The Girl Next Door
Summer, 1958. David, a 12-year-old boy living in the American suburbs, occupies his free time hanging around with three brothers living in a neighbouring house. When the trio of brothers learn that their recently orphaned cousins will be coming to live with them, they secretly hope that the prettier of the two girls will enlighten them about the mysteries of the human female. Her aunt Ruth seems to take perverse pleasure in humiliating the pretty teenager she has adopted, in full view of her three sons and of course David. But what begins as conventional if rather excessive domestic discipline rapidly becomes monstrous and sadistic torture. Discovering that his three friends have begun participating in the horrific acts of their mother, David comes to the realization that only he is in a position to save the poor girl from the clutches of her family.

À l'intérieur (Inside)
Hailed by Fangoria horror film critic Alan Jones as “the goriest film since Peter Jackson’s Dead Alive,” À l'intérieur is a fresh work of Caesarean terror that reaches beyond the current American horror trend of Saw or Hostel. Maury and Bustillo, like Haute Tension’s director/writer team of Alexandre Aja and Grégory Levasseur, are die-hard genre fans – and their passion shows. À l'intérieur also shares Haute Tension’s editor Baxter and composer François-Eudes Chanfrault, responsible respectively for jackknife edits and a pulsating score that hits nerve-shattering notes. Dalle’s insane menace and Paradis’s determined survival involve highly physical and exhausting performances. They drive the narrative forward with gut-wrenching force, tapping into a primal fright factor. (Colin Geddes, Toronto International Film Festival)

Maiko Haaaan!
From the screenwriter of Yaji and Kita and the absolutely sublime Ping Pong comes a manic, unhinged saga with enough plot twists and turns to fill out 3 or 4 Hollywood films. Maiko Haaaan manages to pack it all in by running at a manic, coke-fueled 78 rpm pace. Silly, electrifyingly, vibrant , manic and VERY Japanese, Maiko Haaaan! follows salaryman Kimihiko Onizuka (veteran comedian Sadao Abe) on his single-minded quest to experience the ultimate Maiko (apprentice Geisha) experience. (Tim)

Never Belong To Me
Here's a weird one for you. And with the vogue for Korean genre film at its apex it should be just a matter of time before we get an official Hollywood remake. It has all the elements that American mallgoers love: a woman getting raped by a tiger (and a dog for good measure), a sex-maniac murderous feral helf man/half tiger who spouts philosophical nonsense, a foxy reanimated cyborg streetwalker who's just out for a good time and a guy who shoots bullets out uf his robotic penis when he comes - which is pretty much whenever he sees a picture of a ballerina. There's not a major committment to realism at work here - but that's good. This violent, transgressive imaginary world is much better than the real world, if considerably more dangerous, particularly for anyone who has sex with Mr. Penis-gun, and he just gets hornier and hornier... (Lars)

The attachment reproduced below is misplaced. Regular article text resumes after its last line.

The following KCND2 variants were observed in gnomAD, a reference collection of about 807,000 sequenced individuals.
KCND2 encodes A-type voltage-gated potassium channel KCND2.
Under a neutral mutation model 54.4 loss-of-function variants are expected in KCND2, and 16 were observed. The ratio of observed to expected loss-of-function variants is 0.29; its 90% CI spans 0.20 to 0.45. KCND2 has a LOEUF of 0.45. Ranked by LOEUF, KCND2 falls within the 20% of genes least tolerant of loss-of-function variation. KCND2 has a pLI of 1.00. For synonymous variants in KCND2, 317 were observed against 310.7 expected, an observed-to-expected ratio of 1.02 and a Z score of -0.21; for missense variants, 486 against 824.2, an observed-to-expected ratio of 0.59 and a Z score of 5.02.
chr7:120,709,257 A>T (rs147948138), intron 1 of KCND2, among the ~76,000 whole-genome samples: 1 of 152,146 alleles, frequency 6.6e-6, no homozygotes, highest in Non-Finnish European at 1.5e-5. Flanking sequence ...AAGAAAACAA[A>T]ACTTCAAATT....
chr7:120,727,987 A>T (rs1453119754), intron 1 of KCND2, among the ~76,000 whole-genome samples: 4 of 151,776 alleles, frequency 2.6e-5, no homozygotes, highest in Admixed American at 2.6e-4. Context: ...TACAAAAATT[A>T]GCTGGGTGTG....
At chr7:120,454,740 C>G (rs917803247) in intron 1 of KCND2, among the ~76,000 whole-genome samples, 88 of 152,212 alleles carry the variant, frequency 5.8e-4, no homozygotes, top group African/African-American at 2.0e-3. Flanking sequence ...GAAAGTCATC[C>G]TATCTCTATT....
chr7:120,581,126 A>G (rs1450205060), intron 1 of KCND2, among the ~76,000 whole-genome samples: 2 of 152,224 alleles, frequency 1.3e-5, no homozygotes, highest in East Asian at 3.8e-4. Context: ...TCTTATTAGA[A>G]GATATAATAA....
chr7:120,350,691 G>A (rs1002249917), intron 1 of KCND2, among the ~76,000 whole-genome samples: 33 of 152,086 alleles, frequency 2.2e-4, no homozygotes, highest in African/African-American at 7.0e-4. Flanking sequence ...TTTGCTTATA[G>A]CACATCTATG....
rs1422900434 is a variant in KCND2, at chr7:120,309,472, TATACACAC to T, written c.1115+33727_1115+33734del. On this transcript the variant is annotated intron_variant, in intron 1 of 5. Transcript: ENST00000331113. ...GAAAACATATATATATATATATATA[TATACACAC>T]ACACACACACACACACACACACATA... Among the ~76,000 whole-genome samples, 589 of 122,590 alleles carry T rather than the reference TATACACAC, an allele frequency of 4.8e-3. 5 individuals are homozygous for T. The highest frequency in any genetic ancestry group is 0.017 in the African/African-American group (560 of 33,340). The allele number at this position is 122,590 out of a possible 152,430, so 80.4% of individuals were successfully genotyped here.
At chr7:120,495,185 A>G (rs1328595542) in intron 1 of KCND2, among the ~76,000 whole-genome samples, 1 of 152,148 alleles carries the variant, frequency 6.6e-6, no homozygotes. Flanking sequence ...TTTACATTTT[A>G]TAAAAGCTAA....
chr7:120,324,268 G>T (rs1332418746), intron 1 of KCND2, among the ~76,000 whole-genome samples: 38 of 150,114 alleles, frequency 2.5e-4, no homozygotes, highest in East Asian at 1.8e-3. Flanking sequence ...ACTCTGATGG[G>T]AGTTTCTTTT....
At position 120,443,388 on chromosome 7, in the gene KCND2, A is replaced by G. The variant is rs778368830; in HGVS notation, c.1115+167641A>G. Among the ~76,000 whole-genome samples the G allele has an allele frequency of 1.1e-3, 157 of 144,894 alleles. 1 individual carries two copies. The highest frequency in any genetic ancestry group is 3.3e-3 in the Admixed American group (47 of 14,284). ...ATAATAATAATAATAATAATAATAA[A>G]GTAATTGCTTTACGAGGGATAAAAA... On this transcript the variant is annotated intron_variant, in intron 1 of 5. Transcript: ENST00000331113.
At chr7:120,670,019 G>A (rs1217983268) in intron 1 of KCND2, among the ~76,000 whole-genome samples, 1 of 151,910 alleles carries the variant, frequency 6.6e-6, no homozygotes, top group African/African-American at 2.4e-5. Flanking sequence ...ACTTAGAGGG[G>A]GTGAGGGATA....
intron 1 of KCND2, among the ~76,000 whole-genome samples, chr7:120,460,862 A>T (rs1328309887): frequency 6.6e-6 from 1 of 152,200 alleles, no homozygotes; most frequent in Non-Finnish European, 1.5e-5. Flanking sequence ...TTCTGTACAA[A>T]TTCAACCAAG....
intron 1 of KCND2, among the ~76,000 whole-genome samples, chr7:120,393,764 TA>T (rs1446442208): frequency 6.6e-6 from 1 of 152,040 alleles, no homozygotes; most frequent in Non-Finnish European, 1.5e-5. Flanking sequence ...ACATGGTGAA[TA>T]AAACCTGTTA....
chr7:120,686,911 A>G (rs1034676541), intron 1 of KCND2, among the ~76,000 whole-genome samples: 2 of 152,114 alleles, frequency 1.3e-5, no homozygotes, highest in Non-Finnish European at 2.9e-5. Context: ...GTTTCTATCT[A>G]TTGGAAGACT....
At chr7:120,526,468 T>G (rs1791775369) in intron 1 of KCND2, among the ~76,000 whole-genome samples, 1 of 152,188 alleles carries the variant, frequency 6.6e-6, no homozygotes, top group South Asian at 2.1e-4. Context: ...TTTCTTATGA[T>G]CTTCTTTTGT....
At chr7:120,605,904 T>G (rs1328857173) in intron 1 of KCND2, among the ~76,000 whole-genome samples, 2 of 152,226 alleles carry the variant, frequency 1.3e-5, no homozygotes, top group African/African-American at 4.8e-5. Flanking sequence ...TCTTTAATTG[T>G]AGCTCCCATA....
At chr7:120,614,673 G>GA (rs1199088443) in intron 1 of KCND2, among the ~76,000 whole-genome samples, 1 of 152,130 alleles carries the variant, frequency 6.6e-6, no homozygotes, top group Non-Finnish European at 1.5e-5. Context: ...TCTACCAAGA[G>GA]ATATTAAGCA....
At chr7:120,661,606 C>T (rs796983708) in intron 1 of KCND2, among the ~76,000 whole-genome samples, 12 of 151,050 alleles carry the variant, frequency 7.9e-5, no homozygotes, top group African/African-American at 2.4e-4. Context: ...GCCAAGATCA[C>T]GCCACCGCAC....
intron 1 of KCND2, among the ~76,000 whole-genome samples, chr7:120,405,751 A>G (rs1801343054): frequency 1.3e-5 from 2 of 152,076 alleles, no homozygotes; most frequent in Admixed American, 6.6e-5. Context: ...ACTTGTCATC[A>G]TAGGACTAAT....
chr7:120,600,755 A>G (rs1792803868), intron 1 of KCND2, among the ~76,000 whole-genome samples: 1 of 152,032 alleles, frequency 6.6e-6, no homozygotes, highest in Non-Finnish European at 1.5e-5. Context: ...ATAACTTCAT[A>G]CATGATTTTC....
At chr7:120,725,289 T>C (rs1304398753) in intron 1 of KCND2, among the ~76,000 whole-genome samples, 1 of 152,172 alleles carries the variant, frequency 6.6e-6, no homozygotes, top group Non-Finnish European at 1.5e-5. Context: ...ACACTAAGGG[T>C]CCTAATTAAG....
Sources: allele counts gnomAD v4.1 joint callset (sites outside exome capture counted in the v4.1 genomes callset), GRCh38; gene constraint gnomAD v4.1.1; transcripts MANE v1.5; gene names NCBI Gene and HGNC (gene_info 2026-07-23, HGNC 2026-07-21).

Rug Cop
Director Minoru Kawasaki is no stranger to the absurd. His earlier comedies CALAMARI WRESTLER and EXECUTIVE KOALA both featured giant anthropomorphic creatures injected into straight-faced, real-world situations with a knowing wink to the audience. Tackling fresh territory, the Japanese director's latest oddball effort, THE RUG COP (Japanese title: Zura Deka), features a crack police detective who has harnessed the crime-fighting power of his ill-fitting toupee by using it as a projectile weapon. THE RUG COP is further proof that Kawasaki is one of the brightest comic filmmaking talents in Japanese cinema today.

Directed by Alan Moyle (Pump up the Volume), Weirdsville is set in the small prairie-town of Weedsville, crammed with freaky oddballs, strange occurrences, and not a lot of ambition. Dexter and Royce are your typical disaffected slackers. Chances are they would have continued to drift through life in a dope-filled haze if Matilda, Royce's girlfriend, hadn't O.D.'d on their stash. Knowing that calling the police will only land them in jail, Dexter and Royce decide the only thing to do is bury her in the basement of the drive-in theater that's closed for the winter. Their plan would have worked too, if they didn't happen to stumble upon a Satanic cult performing a ritual sacrifice and an angry mob of mace-wielding dwarves.

Confirmed Shorts:
Demonology of Desire
Gary's Touch
King in the Box
Monster Job Hunter
Tale of How

Confirmed Guests
Maurice Devereaux (End of the Line)
Damon Vignalle (The Entrance)
Phil Mucci (Far Out)
Greg Swinson (Five Across the Eyes)
Ryan Thiessen (Five Across the Eyes)
Sandra Paduch (Five Across the Eyes)
Mark Eberle (Flight of the Living Dead)
Gregory Wilson (Girl Next Door)
Mike Williamson (In the Wall)
Ryan Shifrin (King in the Box)
Karim Hussain (La Belle Bete)
Yehudi Mercado (Monster Job Hunter)
Uwe Boll (Postal)
Zack Ward (Postal)
Adam Green (Spiral)
Joe Lynch (Wrong Turn 2)
Mark Schilling (Author: No Borders; No Limits)
Harvey Fenton (founder Fab Press)
Todd Brown (founder, Twitchfilm)

Dorkbot Opening Party
We are also proud to announce that the opening night party will feature an electronic onslaught by Dorkbot Austin. This town is a hotbed for the crossover intersection of creativity and electronics/engineering professionals. What that means for us is a chance to sip cocktails while cheering on the loud, crazed and potentially dangerous robotic shenanigans of Austin's nerdcore elite. Tesla coil in attendance, no pacemakers allowed.

We've got LOTS more movies, special guests, parties and special events yet to confirm, so check back here often. Fantastic Fest will be here before you know it, and we'll be posting updates to this website with much greater regularity in the weeks to come.

We hope to see you in Austin on September 20!